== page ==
On 9 June 1942, Lord Wedgwood opened the debate in the British House of Lords by alleging that Britain had reneged on its commitments and urging that the League of Nations mandate over Palestine be ...
5
votes
2answers
593 views

In The Meantime

A Google cache can show a web page as it appeared at a point in time in the past: On a particular google cache page, this caption was found: link It is a snapshot of the page as it appeared on ...
2
votes
1answer
4k views

I have something urgent {need / needs} your help?

I want to ask for help from someone and it's quite urgent. What should I say? I have something urgent need your help? or I have something urgent needs your help? or even something else? ...
1
vote
1answer
124 views

? Your boss tells you not to bother taking off your coat

I read about this sentence "Your boss tells you not to bother taking off your coat" in a joke book. But I cannot catch the ethos of this kind of humor. Could someone please unravel it? The original ...
2
votes
1answer
393 views

to be down to something - meaning

Source: http://news.yahoo.com/shaky-start-ukraine-turns-eastern-offensive-around-224521910.html Analysts say the dramatic turnaround is down to a combination of growing professionalism and ...
2
votes
3answers
10k views

“as” as a conjunction or preposition

1: He doesn't play half as well as his sister does. 2: He doesn't play half as well as his sister. In sentence one, the second "as" is a conjunction. Am I right? In sentence two, should I take the ...
-1
votes
1answer
57 views

Using “Base In” Correctly

Does any native speakers object to "base themselves" being used on people? A company could base itself in some city. So, is it okay to say the Royal couple based themselves at some place?
5
votes
7answers
3k views

The meaning of “shooting” in this sentence “Here's the HTML we're shooting to generate”

I don't know what "shooting" means in this sentence: This is where the rubber meets the road. Let's start by building a page that just spits out our DB entries in a mildly pretty form. Here's the ...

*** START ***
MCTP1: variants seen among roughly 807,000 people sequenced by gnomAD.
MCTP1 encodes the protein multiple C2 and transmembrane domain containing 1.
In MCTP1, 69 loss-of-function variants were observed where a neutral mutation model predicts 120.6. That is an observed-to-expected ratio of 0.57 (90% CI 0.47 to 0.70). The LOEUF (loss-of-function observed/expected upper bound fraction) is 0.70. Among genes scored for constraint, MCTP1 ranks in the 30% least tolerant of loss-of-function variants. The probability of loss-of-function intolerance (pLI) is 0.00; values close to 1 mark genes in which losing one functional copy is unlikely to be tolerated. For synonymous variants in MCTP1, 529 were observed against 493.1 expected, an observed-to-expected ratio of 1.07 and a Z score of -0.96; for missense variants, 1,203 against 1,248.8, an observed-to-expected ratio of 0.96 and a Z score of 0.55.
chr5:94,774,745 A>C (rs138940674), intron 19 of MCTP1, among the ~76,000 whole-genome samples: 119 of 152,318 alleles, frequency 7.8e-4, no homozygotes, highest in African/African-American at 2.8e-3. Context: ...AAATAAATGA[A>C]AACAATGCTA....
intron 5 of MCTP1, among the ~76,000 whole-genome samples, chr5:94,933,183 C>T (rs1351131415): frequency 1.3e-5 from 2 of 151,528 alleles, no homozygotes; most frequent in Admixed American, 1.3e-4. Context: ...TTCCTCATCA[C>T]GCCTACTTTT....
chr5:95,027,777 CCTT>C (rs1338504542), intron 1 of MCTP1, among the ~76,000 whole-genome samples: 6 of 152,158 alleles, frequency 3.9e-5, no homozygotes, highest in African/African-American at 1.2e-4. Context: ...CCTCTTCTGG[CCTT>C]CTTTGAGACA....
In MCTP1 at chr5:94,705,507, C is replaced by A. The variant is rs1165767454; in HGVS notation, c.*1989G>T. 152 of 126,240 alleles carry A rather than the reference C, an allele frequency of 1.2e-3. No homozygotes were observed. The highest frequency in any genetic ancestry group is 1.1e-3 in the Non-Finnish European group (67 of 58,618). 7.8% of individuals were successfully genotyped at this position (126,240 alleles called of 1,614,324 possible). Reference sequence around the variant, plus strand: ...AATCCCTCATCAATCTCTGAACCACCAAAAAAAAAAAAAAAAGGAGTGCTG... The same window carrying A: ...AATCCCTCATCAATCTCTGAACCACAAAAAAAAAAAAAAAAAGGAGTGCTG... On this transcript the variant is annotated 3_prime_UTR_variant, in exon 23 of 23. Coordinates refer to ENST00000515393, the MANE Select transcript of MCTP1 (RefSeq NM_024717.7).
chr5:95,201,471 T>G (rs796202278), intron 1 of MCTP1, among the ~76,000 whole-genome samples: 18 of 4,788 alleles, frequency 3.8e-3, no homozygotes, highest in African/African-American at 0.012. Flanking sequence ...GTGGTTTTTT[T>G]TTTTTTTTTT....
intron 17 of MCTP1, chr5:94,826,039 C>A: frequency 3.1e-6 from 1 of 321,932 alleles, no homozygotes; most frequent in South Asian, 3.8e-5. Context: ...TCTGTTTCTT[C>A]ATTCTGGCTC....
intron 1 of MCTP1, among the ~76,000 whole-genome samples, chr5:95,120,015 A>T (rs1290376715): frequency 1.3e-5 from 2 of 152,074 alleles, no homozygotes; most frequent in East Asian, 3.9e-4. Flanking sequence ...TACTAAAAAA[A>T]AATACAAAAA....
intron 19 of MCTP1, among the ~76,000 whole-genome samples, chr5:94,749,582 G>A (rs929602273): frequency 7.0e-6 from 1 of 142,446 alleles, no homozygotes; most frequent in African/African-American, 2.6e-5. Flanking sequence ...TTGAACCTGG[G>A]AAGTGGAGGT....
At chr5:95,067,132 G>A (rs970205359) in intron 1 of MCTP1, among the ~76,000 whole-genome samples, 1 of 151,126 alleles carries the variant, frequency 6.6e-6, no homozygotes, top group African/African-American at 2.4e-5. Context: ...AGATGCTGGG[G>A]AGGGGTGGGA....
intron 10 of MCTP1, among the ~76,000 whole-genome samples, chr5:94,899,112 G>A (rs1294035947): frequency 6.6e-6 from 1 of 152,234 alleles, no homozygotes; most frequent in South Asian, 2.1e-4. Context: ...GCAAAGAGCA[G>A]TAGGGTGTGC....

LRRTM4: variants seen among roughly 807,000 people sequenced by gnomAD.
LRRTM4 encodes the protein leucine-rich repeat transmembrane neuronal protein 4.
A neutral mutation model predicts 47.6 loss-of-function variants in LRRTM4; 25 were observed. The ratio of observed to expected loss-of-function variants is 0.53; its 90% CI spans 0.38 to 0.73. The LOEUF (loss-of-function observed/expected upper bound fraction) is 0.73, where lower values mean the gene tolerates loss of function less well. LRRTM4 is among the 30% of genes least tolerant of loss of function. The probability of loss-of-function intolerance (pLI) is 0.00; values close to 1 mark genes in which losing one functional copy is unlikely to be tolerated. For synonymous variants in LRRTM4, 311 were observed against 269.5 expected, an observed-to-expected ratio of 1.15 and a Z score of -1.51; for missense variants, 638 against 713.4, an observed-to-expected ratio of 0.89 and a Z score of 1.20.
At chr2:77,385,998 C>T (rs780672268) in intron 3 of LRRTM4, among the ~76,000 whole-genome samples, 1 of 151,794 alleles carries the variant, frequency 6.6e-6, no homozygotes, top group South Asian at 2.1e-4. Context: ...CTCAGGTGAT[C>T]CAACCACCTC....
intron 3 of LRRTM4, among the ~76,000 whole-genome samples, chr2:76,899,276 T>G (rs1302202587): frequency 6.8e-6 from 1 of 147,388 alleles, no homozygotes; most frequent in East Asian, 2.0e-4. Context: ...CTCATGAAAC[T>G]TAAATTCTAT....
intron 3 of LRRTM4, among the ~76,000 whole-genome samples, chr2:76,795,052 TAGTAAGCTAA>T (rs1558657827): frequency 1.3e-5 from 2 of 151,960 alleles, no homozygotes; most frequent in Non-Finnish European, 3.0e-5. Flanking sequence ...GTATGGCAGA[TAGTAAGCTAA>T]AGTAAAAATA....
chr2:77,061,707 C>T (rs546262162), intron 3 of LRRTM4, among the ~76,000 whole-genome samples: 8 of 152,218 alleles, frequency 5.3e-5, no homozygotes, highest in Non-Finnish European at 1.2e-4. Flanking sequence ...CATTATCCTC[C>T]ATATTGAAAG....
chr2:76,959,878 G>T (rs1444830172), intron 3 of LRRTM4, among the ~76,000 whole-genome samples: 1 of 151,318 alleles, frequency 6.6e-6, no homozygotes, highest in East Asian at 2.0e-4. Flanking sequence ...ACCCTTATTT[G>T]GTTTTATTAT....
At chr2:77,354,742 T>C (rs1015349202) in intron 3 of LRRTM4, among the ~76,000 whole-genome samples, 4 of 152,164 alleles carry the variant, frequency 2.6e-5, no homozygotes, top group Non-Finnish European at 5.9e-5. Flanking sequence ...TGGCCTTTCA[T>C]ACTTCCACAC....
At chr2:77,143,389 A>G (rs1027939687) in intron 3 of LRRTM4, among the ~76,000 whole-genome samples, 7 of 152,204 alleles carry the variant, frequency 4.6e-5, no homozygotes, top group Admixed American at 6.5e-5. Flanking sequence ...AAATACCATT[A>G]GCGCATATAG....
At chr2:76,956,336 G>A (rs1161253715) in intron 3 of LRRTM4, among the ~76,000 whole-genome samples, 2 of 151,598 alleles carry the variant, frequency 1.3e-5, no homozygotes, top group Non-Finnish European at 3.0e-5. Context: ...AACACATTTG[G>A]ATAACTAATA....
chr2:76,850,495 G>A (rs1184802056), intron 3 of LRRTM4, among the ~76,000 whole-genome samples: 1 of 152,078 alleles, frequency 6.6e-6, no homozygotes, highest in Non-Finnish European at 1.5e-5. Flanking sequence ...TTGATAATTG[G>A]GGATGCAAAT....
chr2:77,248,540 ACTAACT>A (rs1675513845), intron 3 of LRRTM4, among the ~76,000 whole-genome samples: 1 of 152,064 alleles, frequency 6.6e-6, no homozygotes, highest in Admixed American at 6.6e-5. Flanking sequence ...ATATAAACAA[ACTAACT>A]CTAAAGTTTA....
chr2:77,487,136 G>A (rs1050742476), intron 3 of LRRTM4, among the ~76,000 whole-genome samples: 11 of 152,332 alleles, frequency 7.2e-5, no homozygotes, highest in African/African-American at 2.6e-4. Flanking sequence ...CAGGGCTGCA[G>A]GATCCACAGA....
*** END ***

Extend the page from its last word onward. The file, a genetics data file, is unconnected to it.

1
vote
1answer
336 views

Is “bask someone in something” legitimate?

If I wish to say I enjoy doing something, can I say alternatively that I bask myself in doing that thing? Is such usage of "bask in" legitimate?
2
votes
1answer
96 views

What does “two eye fulls” mean in this context?

A year in the making, the full six minute stopmotion short features the voice of Josie Long, one zillion hand carved tiny things, literally tens of carved foam puppets, two eye fulls of in-camera, ...
2
votes
2answers
2k views

What does let oneself into somewhere mean?

One of my friends has explained the following to clear the difference between these. Nevertheless, I cannot understand them, well. In addition, are they correct? Sophie let herself quickly into the ...
1
vote
2answers
81 views

The relative pronoun 'which' in this sentence AND the ensuing omssion

The complete sentence: Yet I should point out before I proceed with this line that when I use ‘ideology,’ I do not mean to imply the now-familiar sinister connotations of mischief or falsehood ...
4
votes
2answers
10k views

What does “french me” mean?

I was watching Dexter series when Vince Masuka said to Debra: "You will have to french me." So what does it mean? Thank you!
0
votes
2answers
204 views

Could you help me with this passage

I have been warned. When I decided to end my eight-year stint in Washington DC and decamp to Los Angeles last summer, my friends in the capital looked at me like I had announced plans to eject myself ...
2
votes
1answer
11k views

Meaning of “I will have you”

In a book I'm reading a character says "One day I will have you, de Vienne.", refering to her master, who she doesn't like. What does it mean, exactly? I guess it's something like "I will kill you ...
1
vote
1answer
799 views

Usage Of “Make For ”

I am trying to figure out the correct usage of "made for". Suppose human error caused an accident: Human error led to the accident. Human error made for the accident. Is this usage of "make ...
2
votes
1answer
482 views

“non-personal reasons”